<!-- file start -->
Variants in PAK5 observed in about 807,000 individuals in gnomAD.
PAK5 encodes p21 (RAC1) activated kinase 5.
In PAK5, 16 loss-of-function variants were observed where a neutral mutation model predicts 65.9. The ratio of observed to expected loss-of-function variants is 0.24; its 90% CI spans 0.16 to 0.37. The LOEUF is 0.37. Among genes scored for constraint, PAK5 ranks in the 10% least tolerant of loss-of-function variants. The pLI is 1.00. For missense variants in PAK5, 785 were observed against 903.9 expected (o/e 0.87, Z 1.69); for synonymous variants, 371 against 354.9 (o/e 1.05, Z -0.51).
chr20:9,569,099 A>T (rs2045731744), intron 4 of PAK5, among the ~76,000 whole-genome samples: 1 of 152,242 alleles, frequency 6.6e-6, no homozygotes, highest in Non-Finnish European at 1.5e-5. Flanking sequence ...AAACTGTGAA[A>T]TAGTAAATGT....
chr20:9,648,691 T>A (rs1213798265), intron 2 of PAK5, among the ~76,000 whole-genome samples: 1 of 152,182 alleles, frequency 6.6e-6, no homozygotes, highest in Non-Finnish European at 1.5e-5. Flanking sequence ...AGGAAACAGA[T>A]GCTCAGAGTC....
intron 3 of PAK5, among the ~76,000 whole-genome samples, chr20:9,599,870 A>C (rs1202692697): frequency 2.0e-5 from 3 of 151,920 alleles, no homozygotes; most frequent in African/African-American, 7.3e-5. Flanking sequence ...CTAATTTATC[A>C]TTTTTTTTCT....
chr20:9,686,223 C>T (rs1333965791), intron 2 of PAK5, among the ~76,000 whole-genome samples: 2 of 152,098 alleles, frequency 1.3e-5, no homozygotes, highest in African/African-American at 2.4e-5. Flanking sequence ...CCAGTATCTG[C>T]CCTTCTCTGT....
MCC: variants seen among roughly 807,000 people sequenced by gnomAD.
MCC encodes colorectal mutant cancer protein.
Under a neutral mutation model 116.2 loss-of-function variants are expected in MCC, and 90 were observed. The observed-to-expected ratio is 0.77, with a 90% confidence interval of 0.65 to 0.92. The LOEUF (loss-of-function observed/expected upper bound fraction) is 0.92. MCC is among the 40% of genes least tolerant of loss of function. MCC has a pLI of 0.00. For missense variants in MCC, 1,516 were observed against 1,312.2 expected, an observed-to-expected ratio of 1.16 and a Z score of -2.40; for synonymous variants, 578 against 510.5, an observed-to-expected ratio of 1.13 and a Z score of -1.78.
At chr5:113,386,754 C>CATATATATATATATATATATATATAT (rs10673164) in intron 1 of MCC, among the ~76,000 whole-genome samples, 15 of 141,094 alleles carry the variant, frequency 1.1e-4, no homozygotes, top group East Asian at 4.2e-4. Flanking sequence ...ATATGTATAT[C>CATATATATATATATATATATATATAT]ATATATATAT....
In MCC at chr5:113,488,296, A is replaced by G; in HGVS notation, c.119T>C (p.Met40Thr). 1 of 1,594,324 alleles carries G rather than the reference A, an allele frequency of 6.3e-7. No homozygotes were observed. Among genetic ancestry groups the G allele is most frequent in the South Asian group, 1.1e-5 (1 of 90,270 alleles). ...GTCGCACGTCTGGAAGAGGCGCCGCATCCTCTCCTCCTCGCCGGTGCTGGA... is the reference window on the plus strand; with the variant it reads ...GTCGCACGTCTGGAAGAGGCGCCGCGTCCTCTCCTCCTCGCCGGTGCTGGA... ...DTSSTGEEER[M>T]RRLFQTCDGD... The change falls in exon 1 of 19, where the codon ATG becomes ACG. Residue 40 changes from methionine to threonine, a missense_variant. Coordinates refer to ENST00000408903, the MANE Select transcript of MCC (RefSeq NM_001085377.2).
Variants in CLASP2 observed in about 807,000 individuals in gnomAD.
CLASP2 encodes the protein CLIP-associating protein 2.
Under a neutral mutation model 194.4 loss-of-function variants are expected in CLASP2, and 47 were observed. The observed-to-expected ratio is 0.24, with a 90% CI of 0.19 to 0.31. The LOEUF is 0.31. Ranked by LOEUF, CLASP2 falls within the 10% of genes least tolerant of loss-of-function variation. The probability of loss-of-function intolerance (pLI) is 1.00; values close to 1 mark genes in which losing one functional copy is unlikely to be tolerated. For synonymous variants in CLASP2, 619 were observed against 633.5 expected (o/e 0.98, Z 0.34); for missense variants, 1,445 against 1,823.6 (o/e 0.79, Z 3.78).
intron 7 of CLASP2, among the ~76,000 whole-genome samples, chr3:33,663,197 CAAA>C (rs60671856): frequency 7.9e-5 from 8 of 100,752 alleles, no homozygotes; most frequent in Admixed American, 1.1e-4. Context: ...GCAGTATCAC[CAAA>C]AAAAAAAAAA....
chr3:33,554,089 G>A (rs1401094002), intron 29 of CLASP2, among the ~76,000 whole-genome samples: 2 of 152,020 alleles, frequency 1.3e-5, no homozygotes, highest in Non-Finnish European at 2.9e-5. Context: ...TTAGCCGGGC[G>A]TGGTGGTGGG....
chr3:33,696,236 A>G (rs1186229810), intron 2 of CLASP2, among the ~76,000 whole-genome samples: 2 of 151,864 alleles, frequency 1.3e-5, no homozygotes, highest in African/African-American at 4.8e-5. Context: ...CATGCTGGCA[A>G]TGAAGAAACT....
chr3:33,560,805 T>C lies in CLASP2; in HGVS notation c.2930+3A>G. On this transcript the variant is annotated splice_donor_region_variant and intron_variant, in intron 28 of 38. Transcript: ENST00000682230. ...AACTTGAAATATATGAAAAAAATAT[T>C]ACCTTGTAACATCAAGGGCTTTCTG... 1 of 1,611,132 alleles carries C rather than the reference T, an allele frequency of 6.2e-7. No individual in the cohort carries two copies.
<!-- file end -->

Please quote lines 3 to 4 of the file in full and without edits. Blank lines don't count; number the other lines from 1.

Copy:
In PAK5, 16 loss-of-function variants were observed where a neutral mutation model predicts 65.9. The ratio of observed to expected loss-of-function variants is 0.24; its 90% CI spans 0.16 to 0.37. The LOEUF is 0.37. Among genes scored for constraint, PAK5 ranks in the 10% least tolerant of loss-of-function variants. The pLI is 1.00. For missense variants in PAK5, 785 were observed against 903.9 expected (o/e 0.87, Z 1.69); for synonymous variants, 371 against 354.9 (o/e 1.05, Z -0.51).
chr20:9,569,099 A>T (rs2045731744), intron 4 of PAK5, among the ~76,000 whole-genome samples: 1 of 152,242 alleles, frequency 6.6e-6, no homozygotes, highest in Non-Finnish European at 1.5e-5. Flanking sequence ...AAACTGTGAA[A>T]TAGTAAATGT....